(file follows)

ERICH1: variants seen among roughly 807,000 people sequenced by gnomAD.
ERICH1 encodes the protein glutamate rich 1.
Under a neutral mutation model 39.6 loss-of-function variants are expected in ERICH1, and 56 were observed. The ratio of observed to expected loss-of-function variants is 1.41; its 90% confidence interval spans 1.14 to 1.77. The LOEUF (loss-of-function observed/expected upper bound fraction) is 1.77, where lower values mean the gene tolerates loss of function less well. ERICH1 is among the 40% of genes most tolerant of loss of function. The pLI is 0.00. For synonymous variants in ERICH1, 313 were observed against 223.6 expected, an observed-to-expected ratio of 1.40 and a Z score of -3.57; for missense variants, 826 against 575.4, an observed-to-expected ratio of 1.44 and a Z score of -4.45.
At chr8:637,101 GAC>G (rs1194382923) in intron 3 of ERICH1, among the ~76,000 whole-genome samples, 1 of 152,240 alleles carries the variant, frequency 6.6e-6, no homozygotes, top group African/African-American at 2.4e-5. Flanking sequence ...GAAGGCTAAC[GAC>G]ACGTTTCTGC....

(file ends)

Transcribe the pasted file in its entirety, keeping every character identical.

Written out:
ERICH1: variants seen among roughly 807,000 people sequenced by gnomAD.
ERICH1 encodes the protein glutamate rich 1.
Under a neutral mutation model 39.6 loss-of-function variants are expected in ERICH1, and 56 were observed. The ratio of observed to expected loss-of-function variants is 1.41; its 90% confidence interval spans 1.14 to 1.77. The LOEUF (loss-of-function observed/expected upper bound fraction) is 1.77, where lower values mean the gene tolerates loss of function less well. ERICH1 is among the 40% of genes most tolerant of loss of function. The pLI is 0.00. For synonymous variants in ERICH1, 313 were observed against 223.6 expected, an observed-to-expected ratio of 1.40 and a Z score of -3.57; for missense variants, 826 against 575.4, an observed-to-expected ratio of 1.44 and a Z score of -4.45.
At chr8:637,101 GAC>G (rs1194382923) in intron 3 of ERICH1, among the ~76,000 whole-genome samples, 1 of 152,240 alleles carries the variant, frequency 6.6e-6, no homozygotes, top group African/African-American at 2.4e-5. Flanking sequence ...GAAGGCTAAC[GAC>G]ACGTTTCTGC....